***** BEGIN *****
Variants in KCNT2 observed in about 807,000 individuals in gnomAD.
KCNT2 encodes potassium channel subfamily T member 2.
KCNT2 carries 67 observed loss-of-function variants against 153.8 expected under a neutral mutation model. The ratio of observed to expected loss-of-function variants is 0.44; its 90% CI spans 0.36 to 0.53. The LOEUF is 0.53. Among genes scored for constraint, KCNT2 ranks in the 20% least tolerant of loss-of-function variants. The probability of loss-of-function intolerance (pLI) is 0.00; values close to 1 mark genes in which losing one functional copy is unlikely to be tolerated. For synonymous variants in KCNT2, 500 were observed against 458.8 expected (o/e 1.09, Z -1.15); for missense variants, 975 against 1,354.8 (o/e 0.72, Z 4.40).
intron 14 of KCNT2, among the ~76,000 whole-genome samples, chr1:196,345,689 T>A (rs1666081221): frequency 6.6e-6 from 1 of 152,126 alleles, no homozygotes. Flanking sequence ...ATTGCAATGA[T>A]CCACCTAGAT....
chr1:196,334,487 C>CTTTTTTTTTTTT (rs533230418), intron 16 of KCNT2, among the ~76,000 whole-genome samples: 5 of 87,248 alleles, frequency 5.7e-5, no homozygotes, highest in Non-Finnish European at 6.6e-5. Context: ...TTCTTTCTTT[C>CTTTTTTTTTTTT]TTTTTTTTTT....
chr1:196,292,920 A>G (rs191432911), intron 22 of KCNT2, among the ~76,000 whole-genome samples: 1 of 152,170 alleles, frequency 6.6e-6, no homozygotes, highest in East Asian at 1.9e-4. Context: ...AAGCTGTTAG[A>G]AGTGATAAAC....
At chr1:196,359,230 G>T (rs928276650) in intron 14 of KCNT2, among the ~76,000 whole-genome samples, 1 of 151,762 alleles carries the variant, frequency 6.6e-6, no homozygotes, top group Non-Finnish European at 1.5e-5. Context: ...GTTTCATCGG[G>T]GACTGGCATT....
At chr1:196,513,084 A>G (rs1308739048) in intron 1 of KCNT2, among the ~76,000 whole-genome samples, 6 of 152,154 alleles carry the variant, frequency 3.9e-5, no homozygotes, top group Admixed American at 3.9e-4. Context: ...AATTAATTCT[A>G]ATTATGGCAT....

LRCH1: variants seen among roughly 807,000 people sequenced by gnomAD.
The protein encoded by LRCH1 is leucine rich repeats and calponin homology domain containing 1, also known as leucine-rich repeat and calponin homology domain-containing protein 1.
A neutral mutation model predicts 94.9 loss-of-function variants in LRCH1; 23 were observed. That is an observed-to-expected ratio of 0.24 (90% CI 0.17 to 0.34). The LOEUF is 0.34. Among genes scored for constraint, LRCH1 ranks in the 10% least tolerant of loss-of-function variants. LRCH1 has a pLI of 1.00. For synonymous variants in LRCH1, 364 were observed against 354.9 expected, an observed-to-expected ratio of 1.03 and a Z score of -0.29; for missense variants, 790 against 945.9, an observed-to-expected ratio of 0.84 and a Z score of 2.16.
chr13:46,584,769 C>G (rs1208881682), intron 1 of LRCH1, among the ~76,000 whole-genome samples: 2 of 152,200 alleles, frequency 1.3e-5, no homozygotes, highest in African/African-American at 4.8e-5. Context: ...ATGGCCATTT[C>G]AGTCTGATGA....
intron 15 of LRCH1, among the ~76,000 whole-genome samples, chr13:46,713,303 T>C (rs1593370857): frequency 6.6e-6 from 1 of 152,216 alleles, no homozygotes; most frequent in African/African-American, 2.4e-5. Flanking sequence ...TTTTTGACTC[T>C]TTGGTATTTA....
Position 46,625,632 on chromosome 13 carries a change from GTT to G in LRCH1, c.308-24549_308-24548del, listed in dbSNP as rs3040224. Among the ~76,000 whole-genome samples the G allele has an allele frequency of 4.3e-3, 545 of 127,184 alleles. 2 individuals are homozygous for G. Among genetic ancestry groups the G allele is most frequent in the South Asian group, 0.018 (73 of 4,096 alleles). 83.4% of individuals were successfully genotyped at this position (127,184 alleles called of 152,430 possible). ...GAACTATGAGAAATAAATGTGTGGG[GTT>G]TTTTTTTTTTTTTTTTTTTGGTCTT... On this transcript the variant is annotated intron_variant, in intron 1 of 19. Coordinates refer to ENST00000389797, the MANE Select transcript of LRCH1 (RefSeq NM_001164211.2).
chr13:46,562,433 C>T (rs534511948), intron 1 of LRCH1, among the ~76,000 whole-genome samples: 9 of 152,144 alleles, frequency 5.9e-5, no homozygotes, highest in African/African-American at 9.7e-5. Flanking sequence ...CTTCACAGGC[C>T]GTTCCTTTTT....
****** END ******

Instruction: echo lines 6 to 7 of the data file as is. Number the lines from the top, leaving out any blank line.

chr1:196,292,920 A>G (rs191432911), intron 22 of KCNT2, among the ~76,000 whole-genome samples: 1 of 152,170 alleles, frequency 6.6e-6, no homozygotes, highest in East Asian at 1.9e-4. Context: ...AAGCTGTTAG[A>G]AGTGATAAAC....
At chr1:196,359,230 G>T (rs928276650) in intron 14 of KCNT2, among the ~76,000 whole-genome samples, 1 of 151,762 alleles carries the variant, frequency 6.6e-6, no homozygotes, top group Non-Finnish European at 1.5e-5. Context: ...GTTTCATCGG[G>T]GACTGGCATT....